Over time, my body was returned to me. Through stability and routine my body became what I remembered, long and lean and tight. When I see myself in my mind, I see the words “writhe” and “lithe” written along my body. These are words that I became used to associating with my body. My body now was comfortable, controlling, and powerful. It took no prisoners, but it took everyone. Married men, single women, co-workers, professors, younger or older, far away or close. My body was easy and I loved it that way. Giving myself to people who didn’t deserve it but who needed it, or just wanted it. Moving slow in flattering lights, parting lips to give better access. Quietly, and at times not so quietly, flaunting my favourite asset, my easiest strength, my ticket to basically anywhere. My body could be anyone’s but I never loved anyone more than I loved myself. (That only became a problem when my body refused to love the same people I did.)
Sometimes I would forget that there were other parts of me that deserved love too. I often forgot that I was smart, or that people would ever recognize that. My body is often an all-encompassing entity that takes over all other facets of my self. I think that may be my defense mechanism, when I’m afraid or unsure, out comes my body, front and centre. That I understand and control: my body and anything that comes with it. Speaking with my body always came easier to me than speaking with my voice. I was confident in my body, but rarely my ideas. I still work to find some sort of balance where every part of me hovers around the same level of greatness, and, more importantly, receives the same amount of gratitude from my self.
My body looked the same for almost 10 years, but recently, over the past year it’s changed. Today it’s soft, and slopes at steeper angles. This new body doesn’t writhe, and isn’t lithe. It commands, and is more present. To ride my body now would be more thrilling, coasting down curved inclines and climbing higher mounds of flesh. To feel me now would be to hold onto the parts of me that call to you, and get a good grip. It would be pushing into a body that rises up to meet you and then takes you down to warm, yielding depths.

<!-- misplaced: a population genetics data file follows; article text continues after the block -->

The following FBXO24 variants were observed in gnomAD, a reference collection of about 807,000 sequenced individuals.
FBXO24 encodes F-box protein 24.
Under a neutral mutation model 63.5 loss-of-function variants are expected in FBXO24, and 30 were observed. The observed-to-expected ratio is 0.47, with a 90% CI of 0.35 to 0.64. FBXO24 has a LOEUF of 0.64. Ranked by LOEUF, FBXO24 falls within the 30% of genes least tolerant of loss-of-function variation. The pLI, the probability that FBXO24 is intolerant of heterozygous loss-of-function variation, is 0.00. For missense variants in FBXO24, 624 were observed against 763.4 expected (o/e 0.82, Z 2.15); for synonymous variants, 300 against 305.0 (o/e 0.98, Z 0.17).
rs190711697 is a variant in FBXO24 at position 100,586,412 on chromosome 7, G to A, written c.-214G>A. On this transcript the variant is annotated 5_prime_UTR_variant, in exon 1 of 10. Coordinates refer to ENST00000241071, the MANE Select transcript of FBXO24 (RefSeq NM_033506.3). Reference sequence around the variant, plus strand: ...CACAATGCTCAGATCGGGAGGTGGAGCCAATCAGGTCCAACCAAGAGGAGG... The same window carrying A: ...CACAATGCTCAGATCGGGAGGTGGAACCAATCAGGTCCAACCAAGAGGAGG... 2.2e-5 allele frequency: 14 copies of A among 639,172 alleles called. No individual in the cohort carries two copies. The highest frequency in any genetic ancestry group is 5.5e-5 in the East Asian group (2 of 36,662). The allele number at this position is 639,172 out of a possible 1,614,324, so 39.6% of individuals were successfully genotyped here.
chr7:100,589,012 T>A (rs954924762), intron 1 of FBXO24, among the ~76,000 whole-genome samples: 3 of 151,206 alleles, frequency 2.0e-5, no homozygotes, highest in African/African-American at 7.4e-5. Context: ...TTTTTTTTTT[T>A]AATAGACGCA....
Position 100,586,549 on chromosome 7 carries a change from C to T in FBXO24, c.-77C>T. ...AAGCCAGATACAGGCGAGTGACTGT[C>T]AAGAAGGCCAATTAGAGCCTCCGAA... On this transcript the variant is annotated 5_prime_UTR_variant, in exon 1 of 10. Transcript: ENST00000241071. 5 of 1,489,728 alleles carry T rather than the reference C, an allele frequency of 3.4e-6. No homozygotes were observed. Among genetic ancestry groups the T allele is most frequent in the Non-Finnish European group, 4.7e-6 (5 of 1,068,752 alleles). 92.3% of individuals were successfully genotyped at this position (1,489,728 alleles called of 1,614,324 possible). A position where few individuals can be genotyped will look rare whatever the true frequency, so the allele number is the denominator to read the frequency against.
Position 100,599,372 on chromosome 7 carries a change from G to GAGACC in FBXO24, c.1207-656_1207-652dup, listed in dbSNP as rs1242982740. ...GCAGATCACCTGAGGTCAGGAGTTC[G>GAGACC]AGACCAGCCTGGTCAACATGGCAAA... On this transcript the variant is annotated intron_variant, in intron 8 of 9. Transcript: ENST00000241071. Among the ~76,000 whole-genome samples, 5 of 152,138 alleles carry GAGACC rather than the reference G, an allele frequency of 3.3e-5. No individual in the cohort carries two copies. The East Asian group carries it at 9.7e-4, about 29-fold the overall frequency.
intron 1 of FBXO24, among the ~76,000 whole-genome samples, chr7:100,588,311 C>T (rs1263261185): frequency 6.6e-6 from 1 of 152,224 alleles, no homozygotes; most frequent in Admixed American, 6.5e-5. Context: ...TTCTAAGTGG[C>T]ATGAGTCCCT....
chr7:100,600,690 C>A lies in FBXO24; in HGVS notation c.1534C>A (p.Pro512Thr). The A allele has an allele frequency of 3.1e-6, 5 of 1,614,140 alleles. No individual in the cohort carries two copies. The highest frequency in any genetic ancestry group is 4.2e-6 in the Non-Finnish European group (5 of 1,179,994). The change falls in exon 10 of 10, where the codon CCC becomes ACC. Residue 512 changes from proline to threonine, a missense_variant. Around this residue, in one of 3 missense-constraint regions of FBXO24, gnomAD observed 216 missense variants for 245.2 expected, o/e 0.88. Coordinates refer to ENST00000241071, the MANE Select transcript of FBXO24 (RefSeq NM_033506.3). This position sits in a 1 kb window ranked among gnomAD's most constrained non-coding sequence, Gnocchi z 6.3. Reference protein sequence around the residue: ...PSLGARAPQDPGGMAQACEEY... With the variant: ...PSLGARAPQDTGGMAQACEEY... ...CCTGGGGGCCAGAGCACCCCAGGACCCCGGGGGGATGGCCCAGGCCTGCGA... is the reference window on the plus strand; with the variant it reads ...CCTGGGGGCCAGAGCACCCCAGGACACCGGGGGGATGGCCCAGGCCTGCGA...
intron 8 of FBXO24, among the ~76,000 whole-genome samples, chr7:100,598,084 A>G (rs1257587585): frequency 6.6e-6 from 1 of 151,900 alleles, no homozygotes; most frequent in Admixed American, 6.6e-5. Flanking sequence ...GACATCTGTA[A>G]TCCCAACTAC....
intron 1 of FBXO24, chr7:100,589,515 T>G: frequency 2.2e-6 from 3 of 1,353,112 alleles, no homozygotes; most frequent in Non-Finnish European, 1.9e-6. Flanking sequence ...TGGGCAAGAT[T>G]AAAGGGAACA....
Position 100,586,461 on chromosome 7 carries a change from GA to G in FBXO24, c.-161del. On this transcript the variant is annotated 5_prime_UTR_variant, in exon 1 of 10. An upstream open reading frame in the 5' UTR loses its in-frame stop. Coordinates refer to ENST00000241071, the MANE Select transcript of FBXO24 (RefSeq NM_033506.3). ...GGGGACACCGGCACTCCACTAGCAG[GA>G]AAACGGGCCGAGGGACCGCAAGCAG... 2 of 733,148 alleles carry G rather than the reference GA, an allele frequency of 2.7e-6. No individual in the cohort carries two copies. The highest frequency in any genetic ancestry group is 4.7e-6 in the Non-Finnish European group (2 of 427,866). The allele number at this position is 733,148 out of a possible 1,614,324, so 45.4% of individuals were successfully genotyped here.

But now my body is weak. I try not to let it bother me, but it does. I walk up three flights of stairs and feel tired. I can’t push myself the way I used to; carrying groceries has become difficult, and the prospect of having to move furniture (a habit I usually enjoy) seems unlikely. I want these curves to stay but I want my body to work for me again. To be strong and flexible, but still soft and inviting. So I’ve started doing things to work toward that, like never taking the TTC (which is actually a really relaxing lifestyle choice), forcing myself to leave the house every day, drinking eight glasses of water a day, I have a 20 minute work-out routine I do every day, and a 30-minute stretching routine. But honestly, I’m saying all this and just started two days ago. I’m a bit of a quitter so who knows how long it will last. I want my body to feel like it can kick someone’s ass again though. And still be this luscious thing that’s meant to be seen naked in morning light, you know?
My body is perfect and always has been. I weigh 155 pounds. I am 5’8″. My measurements are 37-29-37. It is not easy to love our bodies. It becomes easier when we see others with similar bodies, and similar characteristics we always referred to as our flaws. Actively seek out others with bodies that reflect yours. Surround yourself with people embracing their bodies, not hiding/transforming them for a product’s benefit. Find people loving their bodies, expressing their love of those bodies, and encouraging you to do the same. These are the people we need more of. Don’t let anyone tell you you need to be anything more (or less) than what you already are. Your body is perfect and always has been.
Self-portrait from July 2012
Good places to start learning ways to love your body: